Training large models is a massive challenge as it requires collecting and annotating vast amounts of data. It is particularly challenging in the case of speech recognition models.
To overcome this challenge, a team from Google Research and Google Brain have introduced an AI model, SpeechStew. The model is trained on a combination of datasets to achieve state-of-the-art results on various speech recognition benchmarks.
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The success of end-to-end speech recognition models has been directly linked to the abundance of training data and the use of large deep learning models. However, in noisy and low-resource datasets such as CHiME-6, these end-to-end methods struggle to achieve optimal results.
Techniques such as multilingual training, multi-domain training, unsupervised pre-training, semi-supervised learning, and transfer learning are recommended to avoid overfitting and promote more generalisation.
The SpeechStew model applies multi-domain training and transfer learning to end-to-end speech recognition. This method does not introduce additional hyperparameter or external language model during inference. Broadly, it follows two main steps:
- Combining all the available speech recognition without domain-dependent rebalancing or reweighing.
- Training a single large neural network model containing 100 million to up to a billion parameters.
Here, the researchers combined all the available speech recognition data, both labelled and unlabelled, amounting to a total of 5,00o hours. The combined dataset included AMI dataset (with 100 hours of meeting recordings), Switchboard (2,000 hours of telephone calls), broadcast news (50 hours of television news), Common Voice crowdsourced from Mozilla, TED-Lium (450 hours of TED talks), and Librispeech (960 hours of audiobooks).
The SpeechStew model was then tested on several benchmarks, and it outperformed the previous models. The scientists also observed that with this technique, the team could perform more challenging tasks.
To test the transfer learning capabilities, the team fine-tuned the SpeechStew model to test on the Chime-6 dataset containing 40-hours of distant conversations recorded on microphones and achieved good accuracy.
SpeechStew could achieve state-of-the-art or near state-of-the-art results across tasks (AMI, Common Voice, TED-Lium, WSJ, and Switchboard). The model also demonstrated strong transfer learning capabilities. The results for transfer learning were encouraging since Chime-6 is a particularly challenging task for an end-to-end speech recognition model, which generally suffers from overfitting issues. Training large models are expensive and impractical to do frequently.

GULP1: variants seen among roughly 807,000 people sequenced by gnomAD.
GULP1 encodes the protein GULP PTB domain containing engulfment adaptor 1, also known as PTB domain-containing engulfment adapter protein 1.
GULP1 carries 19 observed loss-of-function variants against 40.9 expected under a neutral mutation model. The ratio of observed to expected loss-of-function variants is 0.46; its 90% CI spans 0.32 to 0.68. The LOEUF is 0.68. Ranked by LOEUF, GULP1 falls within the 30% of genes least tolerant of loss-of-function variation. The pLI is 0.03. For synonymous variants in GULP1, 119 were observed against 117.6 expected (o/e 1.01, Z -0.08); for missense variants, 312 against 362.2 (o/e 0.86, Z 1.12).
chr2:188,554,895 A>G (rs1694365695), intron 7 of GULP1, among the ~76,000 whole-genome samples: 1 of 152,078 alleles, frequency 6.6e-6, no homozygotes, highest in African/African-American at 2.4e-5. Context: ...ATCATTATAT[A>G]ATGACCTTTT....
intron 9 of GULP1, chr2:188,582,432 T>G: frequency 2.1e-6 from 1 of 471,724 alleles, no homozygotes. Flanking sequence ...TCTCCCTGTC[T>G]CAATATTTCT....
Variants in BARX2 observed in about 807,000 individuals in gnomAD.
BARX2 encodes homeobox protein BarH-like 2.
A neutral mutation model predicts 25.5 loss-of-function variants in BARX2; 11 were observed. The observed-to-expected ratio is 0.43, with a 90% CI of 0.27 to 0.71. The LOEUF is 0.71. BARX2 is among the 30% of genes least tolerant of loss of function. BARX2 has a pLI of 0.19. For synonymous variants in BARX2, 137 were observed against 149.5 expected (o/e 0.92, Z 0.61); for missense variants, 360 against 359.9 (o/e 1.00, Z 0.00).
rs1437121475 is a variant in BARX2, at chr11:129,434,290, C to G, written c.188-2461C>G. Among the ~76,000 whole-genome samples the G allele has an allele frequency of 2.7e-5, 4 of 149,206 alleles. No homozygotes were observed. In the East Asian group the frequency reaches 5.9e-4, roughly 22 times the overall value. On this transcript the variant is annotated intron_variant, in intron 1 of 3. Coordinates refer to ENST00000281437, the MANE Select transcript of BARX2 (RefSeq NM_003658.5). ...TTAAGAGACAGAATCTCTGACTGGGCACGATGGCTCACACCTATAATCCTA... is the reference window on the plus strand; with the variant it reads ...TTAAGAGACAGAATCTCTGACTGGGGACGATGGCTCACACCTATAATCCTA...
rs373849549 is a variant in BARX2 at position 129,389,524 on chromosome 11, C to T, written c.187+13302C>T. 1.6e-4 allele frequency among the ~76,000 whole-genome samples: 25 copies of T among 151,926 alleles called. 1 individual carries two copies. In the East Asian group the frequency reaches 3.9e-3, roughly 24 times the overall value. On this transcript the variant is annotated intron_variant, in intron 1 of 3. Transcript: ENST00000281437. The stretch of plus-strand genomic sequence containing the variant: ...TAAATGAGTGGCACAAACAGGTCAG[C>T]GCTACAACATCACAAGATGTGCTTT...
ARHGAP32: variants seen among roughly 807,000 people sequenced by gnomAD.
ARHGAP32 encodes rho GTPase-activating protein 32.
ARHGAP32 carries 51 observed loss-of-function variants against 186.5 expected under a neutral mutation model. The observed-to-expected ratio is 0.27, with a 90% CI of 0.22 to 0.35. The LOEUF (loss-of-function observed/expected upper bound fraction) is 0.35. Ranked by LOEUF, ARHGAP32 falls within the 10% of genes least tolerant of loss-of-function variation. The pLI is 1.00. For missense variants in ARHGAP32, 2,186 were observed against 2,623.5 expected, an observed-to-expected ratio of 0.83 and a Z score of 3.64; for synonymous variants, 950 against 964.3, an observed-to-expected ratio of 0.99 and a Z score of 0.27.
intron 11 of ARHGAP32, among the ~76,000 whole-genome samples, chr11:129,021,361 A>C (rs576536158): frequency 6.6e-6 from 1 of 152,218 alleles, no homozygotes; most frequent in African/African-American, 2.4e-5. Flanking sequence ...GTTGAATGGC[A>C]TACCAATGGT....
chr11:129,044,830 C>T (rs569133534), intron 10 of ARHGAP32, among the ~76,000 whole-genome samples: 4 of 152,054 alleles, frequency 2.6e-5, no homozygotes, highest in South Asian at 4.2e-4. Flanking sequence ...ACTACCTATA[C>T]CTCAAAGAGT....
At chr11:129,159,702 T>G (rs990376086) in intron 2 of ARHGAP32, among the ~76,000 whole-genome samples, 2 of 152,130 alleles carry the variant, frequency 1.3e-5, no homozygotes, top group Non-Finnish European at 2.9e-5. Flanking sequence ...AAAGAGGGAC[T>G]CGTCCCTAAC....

The study proved a user could fine-tune a pretrained model on only a few thousand gradient steps to achieve good performance. The cost incurred was also low.
“SpeechStew learns powerful transfer learning representations. We fine-tune SpeechStew on a noisy low resource speech dataset, CHiME-6. We achieve 38.9% WER without a language model, which compares to 38.6% WER to a strong HMM baseline with a language model,” the authors said.
The technique of mixing datasets to train neural networks is not new. However, this work is different from the previous models as the team could scale to much larger models.
SpeechStew leverages up to 1 billion parameter models to yield strong empirical results. However, it does not perform well for extensive models such as GPT-3, which contains 175 billion parameters.
“This simple technique of fine-tuning a general-purpose model to new downstream speech recognition tasks is simple, practical, yet shockingly effective. It is important to realise that the distribution of other sources of data does not perfectly match the dataset of interest. But as long as there is some common representation needed to solve both tasks, we can hope to achieve improved results by combining both datasets,” the team said in an interview.
Read the full paper here.